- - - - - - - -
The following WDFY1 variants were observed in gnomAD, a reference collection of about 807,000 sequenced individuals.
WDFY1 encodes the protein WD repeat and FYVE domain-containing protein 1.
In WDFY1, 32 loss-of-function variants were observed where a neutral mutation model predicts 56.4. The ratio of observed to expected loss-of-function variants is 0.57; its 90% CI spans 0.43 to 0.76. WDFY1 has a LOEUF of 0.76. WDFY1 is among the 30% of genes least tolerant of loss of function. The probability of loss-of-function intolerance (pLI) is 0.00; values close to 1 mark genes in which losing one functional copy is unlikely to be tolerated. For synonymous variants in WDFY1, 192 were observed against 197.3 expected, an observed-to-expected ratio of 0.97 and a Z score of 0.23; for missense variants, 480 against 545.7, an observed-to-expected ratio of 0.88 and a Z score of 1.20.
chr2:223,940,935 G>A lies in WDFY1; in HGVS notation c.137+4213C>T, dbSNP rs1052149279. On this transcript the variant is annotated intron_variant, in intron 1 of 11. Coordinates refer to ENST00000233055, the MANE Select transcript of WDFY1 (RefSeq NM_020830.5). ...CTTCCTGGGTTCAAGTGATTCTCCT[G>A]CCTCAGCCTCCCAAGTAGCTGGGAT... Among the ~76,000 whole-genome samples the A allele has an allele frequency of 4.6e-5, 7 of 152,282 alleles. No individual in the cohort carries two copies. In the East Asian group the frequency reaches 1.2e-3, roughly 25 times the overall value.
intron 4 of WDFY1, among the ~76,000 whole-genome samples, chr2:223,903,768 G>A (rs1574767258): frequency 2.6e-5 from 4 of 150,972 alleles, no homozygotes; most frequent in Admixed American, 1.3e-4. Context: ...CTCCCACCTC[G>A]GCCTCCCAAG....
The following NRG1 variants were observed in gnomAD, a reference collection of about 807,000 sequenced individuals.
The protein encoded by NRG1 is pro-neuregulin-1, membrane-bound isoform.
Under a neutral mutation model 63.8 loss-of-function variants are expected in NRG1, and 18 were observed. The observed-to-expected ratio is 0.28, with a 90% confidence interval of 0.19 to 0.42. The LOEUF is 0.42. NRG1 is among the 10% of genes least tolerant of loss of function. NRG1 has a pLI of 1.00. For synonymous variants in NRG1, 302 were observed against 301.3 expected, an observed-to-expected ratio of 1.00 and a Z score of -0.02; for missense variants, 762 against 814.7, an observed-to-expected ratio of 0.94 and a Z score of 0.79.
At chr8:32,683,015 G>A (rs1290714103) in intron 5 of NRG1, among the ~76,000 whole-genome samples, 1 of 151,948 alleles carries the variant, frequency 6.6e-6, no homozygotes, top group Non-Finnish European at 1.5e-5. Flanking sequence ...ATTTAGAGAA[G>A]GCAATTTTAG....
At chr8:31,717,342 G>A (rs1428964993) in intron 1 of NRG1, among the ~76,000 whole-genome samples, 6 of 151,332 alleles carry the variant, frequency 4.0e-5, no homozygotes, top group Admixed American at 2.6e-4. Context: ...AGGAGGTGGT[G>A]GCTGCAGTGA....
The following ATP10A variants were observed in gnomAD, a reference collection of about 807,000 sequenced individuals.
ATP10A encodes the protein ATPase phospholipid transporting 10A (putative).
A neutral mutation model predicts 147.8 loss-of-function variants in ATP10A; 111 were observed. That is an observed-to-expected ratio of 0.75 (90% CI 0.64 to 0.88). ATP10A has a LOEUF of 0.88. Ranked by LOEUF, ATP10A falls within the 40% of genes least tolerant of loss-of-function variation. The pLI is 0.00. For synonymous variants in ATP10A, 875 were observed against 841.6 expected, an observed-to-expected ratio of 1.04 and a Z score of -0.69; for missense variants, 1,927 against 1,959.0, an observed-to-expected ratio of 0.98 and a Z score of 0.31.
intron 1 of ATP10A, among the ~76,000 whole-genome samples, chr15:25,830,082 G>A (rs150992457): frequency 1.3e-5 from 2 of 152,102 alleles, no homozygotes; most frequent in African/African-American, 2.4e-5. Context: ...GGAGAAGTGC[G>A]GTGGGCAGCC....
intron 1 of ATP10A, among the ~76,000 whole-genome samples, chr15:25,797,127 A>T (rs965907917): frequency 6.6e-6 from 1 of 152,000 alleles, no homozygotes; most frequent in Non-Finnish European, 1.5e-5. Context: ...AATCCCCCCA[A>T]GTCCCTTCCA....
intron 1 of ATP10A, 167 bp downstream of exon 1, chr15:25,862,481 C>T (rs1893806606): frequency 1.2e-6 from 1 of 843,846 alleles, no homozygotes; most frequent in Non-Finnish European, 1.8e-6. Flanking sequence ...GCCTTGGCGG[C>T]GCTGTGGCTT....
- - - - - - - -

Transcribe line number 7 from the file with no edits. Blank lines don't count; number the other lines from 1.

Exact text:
The protein encoded by NRG1 is pro-neuregulin-1, membrane-bound isoform.